In the Graphic Design Shorties series I attempt to make image manipulation and graphic design concepts more accessible to the non-initiated (like me). If you are in a small company where you wear many hats or just want to take charge and handle small image needs yourself, this series is aimed at you. If you have almost no budget for this sort of thing, even better.
As with all articles in this series, we will utilize GIMP. Don’t have it or don’t know what that is? Have a quick read of this older article and come back when you are all set!
This article in the Graphic Design Shorties (GDS) series, I will cover one of the more basic image edits you can make: the crop. A crop is really just cutting out the undesired portions of an image while leaving the rest intact. This little edit is a crucial base for many of our image needs and can sometimes lead to frustration if you are unfamiliar with a tool. Let’s remedy that!
Fire up your installed copy of GIMP and open the image you wish to edit by clicking “File” in the main menu and then selecting the “Open File…” option and choosing a file from your local drive(s).
This example image (with more to follow) is taken from my Mac, but GIMP menus are highly consistent between platforms.
Once the image loads, we are ready to size up our cut. Look for the selecting tools (see image below with orange highlight).
The dotted-rectangle icon represents a rectangular selection tool that, as the name implies, allows you to select a rectangular portion of your image. Selected areas of the image can then be manipulated with the various features of the software — including cropping.
The dotted-ellipse icon represents an elliptical selection tool allowing a circular portion of the image to be selected in much the same way the rectangular selection tool does.
The lasso icon provides a free-form or polygonal selection method that is great when trying to cut out or select areas that require some precision.
The magic wand icon represents a fuzzy selection tool that attempts to ascertain your desired selection based on the context of the image area you select using it. It also has some controls that allow you to dictate the threshold for it to use in calculating breaks in regions.
The hand pointing to the 3 vertically-stacked color squares represents the color selection tool. This tool allows, within a threshold that you can control, the selection of an area based on the color. This is very helpful when attempting to find segments that may need cleared to support various colored backgrounds.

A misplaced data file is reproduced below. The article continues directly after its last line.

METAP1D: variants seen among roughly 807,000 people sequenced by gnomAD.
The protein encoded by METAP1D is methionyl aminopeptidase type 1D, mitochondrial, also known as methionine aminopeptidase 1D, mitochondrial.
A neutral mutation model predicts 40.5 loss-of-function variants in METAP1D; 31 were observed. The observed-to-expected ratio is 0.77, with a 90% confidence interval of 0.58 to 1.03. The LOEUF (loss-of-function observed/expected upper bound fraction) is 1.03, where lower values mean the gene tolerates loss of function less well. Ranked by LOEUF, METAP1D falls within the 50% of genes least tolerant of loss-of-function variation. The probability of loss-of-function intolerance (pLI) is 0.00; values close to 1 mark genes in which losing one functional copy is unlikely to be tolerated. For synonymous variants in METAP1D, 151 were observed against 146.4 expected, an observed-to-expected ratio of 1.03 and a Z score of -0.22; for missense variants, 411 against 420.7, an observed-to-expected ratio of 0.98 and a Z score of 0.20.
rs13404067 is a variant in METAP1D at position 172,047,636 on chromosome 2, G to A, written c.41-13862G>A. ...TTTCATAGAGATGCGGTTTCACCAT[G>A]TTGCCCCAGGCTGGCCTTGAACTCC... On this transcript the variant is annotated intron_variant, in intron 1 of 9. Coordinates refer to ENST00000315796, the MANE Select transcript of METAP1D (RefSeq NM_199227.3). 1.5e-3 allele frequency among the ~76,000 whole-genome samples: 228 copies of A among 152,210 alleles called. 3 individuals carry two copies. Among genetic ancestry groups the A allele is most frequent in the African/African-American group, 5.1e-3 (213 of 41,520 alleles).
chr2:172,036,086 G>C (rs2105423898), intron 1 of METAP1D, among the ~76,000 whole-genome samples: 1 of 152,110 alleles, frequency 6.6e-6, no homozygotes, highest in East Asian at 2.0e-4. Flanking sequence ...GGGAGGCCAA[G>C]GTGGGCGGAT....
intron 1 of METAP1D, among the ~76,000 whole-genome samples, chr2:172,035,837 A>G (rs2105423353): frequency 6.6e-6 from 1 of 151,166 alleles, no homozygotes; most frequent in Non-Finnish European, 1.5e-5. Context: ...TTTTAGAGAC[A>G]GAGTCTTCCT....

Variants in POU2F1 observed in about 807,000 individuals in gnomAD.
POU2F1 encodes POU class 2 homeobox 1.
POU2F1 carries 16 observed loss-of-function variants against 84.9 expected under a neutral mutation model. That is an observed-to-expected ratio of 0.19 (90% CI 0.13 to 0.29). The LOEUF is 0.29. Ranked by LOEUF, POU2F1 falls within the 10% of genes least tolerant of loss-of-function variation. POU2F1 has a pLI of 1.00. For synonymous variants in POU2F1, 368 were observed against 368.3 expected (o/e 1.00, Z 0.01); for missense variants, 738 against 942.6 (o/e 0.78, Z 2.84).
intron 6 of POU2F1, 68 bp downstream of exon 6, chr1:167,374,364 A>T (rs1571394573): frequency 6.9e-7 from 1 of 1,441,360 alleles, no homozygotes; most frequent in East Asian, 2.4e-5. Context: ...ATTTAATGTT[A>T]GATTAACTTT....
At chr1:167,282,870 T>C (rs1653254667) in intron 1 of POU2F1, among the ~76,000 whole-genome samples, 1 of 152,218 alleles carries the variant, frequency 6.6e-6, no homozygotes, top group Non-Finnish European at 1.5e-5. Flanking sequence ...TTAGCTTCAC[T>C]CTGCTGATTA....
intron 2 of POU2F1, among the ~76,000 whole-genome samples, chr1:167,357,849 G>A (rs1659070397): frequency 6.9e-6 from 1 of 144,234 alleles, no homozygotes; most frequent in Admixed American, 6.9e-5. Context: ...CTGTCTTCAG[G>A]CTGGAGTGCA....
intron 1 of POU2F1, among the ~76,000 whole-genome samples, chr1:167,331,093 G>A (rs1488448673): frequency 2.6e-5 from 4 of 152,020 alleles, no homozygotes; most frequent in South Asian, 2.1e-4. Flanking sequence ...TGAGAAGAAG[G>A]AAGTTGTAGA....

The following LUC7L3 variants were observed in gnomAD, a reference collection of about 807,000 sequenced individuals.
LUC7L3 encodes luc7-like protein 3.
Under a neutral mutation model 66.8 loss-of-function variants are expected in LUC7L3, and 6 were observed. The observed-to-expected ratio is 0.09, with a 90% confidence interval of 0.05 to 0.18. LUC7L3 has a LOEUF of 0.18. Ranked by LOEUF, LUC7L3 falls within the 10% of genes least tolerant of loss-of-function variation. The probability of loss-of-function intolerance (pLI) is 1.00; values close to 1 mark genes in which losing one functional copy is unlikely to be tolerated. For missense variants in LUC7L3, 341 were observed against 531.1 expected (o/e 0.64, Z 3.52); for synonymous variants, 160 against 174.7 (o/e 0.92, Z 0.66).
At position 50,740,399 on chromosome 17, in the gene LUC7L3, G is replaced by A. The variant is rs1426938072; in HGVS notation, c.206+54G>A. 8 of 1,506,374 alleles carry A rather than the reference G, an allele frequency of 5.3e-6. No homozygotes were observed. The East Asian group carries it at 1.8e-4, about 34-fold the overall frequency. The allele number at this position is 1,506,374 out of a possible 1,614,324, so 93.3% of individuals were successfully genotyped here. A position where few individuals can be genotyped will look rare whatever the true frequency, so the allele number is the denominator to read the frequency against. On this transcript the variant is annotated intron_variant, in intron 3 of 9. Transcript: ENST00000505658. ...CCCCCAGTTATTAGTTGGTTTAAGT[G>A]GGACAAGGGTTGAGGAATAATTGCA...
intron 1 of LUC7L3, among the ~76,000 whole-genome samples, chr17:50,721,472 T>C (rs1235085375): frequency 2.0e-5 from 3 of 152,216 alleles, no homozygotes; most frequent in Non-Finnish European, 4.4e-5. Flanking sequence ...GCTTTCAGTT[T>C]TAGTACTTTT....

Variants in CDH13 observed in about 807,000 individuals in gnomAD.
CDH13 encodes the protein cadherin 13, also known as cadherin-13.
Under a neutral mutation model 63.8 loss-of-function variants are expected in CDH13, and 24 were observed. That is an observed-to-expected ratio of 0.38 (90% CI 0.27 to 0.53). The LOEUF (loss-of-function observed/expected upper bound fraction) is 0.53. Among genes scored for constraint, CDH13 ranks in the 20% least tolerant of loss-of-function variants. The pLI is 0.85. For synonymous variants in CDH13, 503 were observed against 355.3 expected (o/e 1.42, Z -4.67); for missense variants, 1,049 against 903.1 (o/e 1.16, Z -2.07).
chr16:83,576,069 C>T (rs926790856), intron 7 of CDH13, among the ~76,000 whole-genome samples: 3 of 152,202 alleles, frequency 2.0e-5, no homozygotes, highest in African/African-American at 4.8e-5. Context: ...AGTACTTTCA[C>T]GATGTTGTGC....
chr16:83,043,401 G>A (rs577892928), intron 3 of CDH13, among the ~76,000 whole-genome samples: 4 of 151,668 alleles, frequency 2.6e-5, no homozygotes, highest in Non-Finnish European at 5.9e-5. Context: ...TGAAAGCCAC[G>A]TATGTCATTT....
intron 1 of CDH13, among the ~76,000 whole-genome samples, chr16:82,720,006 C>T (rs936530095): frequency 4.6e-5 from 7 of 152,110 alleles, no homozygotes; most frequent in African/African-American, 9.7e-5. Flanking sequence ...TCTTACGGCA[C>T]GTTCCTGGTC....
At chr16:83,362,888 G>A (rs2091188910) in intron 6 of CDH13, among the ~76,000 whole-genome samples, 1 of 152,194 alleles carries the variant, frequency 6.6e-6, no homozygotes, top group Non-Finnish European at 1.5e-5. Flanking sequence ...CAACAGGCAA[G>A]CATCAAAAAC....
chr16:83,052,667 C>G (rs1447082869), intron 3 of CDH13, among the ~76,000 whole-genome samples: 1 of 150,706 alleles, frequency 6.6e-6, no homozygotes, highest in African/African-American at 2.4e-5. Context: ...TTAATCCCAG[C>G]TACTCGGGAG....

It may be worth noting here that graphic storage formats are all based on a rectangular canvas. As such, cropping an image to a non-rectangular shape may not have the desired effect if the background of the image isn’t transparent.
For this example, let’s use the basic rectangular selection tool. After you click on the tool, you will notice the Tool Options window/tab provides some options to help us with a precision selection.
Most of these tool options are self-explanatory and let you fine-tune the selection both before placing the selection onto the image and even after.
The option that I use the most when cropping is the ability to set a fixed aspect ratio. By enabling this option, you can set the width/height ratio you wish to use. For instance, if you are cropping to an 8×10 paper, you can force that aspect ratio an ensure a snug fit.
Once you set a ratio (or don’t, it’s up to you!), simply click-drag from one corner of your desired selection area to the opposite corner and then release the mouse. You now have a selection that we can crop to!
From the “Image” menu option select “Crop to Selection” and watch as GIMP renders your image with anything outside of your box removed.
Don’t forget to save your work by going to “File” and then “Save” in the menu!
Have fun with one more quick edit skill in your tool belt and look for more to come!
Next up: Working with layers. See you soon!